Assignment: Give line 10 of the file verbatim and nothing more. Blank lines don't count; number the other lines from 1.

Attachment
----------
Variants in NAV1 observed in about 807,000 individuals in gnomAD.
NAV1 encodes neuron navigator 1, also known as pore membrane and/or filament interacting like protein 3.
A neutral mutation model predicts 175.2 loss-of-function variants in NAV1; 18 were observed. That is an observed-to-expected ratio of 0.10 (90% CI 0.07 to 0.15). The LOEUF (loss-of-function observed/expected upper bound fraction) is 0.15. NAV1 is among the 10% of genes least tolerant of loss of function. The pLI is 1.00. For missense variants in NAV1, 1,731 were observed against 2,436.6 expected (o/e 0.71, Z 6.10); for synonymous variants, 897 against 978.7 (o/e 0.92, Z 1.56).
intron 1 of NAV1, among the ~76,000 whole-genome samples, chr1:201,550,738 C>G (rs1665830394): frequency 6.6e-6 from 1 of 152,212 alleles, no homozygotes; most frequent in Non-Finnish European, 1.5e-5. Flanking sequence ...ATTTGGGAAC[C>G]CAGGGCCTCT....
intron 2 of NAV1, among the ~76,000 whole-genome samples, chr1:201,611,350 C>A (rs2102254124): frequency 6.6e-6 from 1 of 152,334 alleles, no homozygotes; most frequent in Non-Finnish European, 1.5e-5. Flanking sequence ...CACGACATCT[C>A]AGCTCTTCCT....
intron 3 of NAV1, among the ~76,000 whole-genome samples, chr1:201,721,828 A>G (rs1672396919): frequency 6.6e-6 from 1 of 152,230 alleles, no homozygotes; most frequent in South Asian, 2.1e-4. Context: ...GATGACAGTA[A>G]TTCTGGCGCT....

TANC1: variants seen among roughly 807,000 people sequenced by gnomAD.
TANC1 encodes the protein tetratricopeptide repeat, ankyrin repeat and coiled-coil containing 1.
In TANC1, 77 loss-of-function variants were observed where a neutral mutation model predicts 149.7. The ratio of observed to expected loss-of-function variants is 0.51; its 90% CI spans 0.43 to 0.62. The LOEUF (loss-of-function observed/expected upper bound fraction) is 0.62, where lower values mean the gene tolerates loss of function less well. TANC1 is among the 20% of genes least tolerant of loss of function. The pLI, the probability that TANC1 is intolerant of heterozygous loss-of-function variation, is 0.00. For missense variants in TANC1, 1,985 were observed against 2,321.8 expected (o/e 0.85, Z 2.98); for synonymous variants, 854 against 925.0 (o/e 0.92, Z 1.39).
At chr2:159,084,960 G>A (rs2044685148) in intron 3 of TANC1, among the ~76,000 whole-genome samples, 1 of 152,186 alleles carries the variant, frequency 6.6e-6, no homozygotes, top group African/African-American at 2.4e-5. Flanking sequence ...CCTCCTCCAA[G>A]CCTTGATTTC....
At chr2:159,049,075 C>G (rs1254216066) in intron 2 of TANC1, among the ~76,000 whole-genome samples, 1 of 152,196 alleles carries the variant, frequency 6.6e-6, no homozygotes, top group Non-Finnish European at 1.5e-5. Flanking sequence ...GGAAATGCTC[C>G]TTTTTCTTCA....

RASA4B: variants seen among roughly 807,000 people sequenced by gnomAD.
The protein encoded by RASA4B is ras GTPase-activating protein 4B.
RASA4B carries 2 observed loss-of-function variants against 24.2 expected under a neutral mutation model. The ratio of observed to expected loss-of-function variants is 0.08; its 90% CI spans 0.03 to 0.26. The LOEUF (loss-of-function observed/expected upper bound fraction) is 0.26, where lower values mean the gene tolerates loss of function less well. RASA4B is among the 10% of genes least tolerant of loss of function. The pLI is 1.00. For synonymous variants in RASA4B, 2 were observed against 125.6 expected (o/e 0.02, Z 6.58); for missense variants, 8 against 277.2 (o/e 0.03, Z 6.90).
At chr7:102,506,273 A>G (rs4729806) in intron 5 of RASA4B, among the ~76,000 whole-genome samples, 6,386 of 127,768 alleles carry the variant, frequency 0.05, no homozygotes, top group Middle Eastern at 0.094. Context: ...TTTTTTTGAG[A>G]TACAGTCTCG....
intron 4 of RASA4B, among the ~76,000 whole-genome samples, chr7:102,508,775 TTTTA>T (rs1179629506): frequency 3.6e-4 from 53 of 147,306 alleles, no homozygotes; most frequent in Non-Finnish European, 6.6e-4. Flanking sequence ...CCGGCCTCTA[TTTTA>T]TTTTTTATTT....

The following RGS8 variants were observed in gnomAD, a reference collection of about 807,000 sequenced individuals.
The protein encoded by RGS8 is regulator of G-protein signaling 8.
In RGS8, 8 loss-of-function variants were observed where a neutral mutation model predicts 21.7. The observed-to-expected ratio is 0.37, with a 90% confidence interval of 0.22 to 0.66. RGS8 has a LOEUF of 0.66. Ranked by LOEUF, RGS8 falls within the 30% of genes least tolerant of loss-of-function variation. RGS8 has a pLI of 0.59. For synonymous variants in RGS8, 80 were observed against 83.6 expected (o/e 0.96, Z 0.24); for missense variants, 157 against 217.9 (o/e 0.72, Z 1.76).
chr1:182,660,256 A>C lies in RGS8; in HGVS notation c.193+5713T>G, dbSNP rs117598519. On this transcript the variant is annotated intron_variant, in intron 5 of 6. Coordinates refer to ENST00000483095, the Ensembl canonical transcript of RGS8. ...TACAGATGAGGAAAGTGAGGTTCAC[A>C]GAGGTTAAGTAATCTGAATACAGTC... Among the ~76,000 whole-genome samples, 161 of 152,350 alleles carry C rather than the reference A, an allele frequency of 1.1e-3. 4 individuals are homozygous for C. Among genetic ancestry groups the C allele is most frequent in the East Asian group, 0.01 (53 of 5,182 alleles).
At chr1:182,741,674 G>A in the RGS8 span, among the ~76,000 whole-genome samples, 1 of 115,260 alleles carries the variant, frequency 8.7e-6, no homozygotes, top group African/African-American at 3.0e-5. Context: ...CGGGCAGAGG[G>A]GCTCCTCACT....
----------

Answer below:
At chr2:159,084,960 G>A (rs2044685148) in intron 3 of TANC1, among the ~76,000 whole-genome samples, 1 of 152,186 alleles carries the variant, frequency 6.6e-6, no homozygotes, top group African/African-American at 2.4e-5. Flanking sequence ...CCTCCTCCAA[G>A]CCTTGATTTC....